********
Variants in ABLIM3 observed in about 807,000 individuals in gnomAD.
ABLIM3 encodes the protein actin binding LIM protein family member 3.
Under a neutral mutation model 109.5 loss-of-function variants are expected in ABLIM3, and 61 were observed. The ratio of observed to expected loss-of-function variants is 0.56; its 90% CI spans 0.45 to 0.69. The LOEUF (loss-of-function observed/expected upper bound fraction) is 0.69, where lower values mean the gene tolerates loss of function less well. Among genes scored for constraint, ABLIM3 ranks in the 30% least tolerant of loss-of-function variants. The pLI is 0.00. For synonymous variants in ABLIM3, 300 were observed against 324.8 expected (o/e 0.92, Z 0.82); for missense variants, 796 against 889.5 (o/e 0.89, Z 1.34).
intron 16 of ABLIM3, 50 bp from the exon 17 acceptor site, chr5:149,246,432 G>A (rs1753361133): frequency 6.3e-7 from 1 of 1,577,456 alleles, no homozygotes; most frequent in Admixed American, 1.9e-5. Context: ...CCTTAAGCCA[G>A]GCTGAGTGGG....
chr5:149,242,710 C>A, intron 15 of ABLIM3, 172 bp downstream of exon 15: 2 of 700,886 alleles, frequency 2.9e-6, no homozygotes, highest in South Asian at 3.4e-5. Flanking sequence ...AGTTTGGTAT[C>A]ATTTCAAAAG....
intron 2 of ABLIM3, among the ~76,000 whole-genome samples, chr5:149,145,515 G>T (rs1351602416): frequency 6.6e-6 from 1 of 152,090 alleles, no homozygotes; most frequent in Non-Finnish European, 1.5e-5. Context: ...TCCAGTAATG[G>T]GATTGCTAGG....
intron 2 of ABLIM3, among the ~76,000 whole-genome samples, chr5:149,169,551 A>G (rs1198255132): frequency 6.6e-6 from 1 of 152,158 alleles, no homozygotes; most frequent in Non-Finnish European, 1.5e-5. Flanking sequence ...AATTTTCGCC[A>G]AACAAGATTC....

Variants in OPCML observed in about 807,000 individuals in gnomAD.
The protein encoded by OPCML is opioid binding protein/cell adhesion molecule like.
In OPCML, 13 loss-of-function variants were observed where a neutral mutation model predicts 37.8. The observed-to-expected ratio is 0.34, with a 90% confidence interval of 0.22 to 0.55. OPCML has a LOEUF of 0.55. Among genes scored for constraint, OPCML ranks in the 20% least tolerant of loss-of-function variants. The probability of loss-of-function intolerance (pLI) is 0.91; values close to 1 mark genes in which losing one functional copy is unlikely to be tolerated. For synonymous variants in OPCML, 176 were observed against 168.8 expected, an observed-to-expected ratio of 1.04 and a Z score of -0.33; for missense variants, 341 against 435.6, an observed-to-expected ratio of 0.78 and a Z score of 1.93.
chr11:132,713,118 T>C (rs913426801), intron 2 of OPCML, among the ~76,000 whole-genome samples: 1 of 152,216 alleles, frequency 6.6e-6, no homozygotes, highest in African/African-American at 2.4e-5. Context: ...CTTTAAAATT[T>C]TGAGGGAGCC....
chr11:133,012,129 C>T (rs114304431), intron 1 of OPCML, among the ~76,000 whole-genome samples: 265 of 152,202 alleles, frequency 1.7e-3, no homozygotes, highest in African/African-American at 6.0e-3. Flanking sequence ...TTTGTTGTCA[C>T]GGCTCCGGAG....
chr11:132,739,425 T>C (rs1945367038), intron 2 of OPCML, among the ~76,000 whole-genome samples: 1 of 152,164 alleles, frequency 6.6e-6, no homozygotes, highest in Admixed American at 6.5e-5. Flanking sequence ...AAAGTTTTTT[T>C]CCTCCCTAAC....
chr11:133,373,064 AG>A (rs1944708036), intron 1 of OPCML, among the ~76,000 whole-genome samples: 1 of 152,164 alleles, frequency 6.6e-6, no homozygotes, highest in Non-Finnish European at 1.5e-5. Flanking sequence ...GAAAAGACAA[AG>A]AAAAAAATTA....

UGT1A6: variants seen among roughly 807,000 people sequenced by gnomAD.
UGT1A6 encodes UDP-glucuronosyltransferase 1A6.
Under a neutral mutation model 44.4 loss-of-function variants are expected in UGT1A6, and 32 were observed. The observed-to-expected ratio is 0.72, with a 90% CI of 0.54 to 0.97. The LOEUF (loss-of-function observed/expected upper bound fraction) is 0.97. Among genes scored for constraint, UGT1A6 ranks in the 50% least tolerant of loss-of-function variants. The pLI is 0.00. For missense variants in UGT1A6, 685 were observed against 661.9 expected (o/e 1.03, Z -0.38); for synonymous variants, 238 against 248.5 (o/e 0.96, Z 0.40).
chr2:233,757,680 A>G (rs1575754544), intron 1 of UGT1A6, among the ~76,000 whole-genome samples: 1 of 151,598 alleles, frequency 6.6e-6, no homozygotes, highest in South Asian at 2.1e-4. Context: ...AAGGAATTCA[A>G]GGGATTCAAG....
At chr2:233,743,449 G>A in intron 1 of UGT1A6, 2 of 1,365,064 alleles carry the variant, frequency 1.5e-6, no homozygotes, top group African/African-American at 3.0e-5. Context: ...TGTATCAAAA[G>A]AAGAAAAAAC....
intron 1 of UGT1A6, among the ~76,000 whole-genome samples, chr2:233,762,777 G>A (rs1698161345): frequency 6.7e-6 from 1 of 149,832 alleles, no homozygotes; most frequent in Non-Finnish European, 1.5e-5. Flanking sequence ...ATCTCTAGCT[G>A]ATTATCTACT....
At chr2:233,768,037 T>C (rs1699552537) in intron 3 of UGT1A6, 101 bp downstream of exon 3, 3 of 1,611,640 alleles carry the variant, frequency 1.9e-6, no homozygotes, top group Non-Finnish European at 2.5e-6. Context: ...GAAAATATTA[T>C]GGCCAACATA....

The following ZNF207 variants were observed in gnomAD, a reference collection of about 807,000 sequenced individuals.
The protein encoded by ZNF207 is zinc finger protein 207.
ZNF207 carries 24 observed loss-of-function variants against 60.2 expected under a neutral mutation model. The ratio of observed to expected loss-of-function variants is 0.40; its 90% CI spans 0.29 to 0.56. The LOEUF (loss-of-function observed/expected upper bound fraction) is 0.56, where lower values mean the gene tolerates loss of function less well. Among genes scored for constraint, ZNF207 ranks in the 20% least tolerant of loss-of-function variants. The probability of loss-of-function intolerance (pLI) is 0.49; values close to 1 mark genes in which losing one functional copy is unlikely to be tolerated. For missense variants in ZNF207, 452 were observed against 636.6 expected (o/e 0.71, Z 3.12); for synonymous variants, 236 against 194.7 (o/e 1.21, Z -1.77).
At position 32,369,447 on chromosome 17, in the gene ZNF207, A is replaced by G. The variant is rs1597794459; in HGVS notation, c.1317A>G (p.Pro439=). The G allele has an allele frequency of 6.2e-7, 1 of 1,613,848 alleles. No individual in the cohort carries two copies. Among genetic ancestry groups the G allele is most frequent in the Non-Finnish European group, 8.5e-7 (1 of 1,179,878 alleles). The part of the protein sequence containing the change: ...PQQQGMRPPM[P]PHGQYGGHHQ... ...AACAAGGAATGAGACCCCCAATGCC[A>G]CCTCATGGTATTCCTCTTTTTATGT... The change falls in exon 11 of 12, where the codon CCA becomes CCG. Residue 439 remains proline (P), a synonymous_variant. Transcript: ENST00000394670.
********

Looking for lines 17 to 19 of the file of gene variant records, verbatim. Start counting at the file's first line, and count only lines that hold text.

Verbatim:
Under a neutral mutation model 44.4 loss-of-function variants are expected in UGT1A6, and 32 were observed. The observed-to-expected ratio is 0.72, with a 90% CI of 0.54 to 0.97. The LOEUF (loss-of-function observed/expected upper bound fraction) is 0.97. Among genes scored for constraint, UGT1A6 ranks in the 50% least tolerant of loss-of-function variants. The pLI is 0.00. For missense variants in UGT1A6, 685 were observed against 661.9 expected (o/e 1.03, Z -0.38); for synonymous variants, 238 against 248.5 (o/e 0.96, Z 0.40).
chr2:233,757,680 A>G (rs1575754544), intron 1 of UGT1A6, among the ~76,000 whole-genome samples: 1 of 151,598 alleles, frequency 6.6e-6, no homozygotes, highest in South Asian at 2.1e-4. Context: ...AAGGAATTCA[A>G]GGGATTCAAG....
At chr2:233,743,449 G>A in intron 1 of UGT1A6, 2 of 1,365,064 alleles carry the variant, frequency 1.5e-6, no homozygotes, top group African/African-American at 3.0e-5. Context: ...TGTATCAAAA[G>A]AAGAAAAAAC....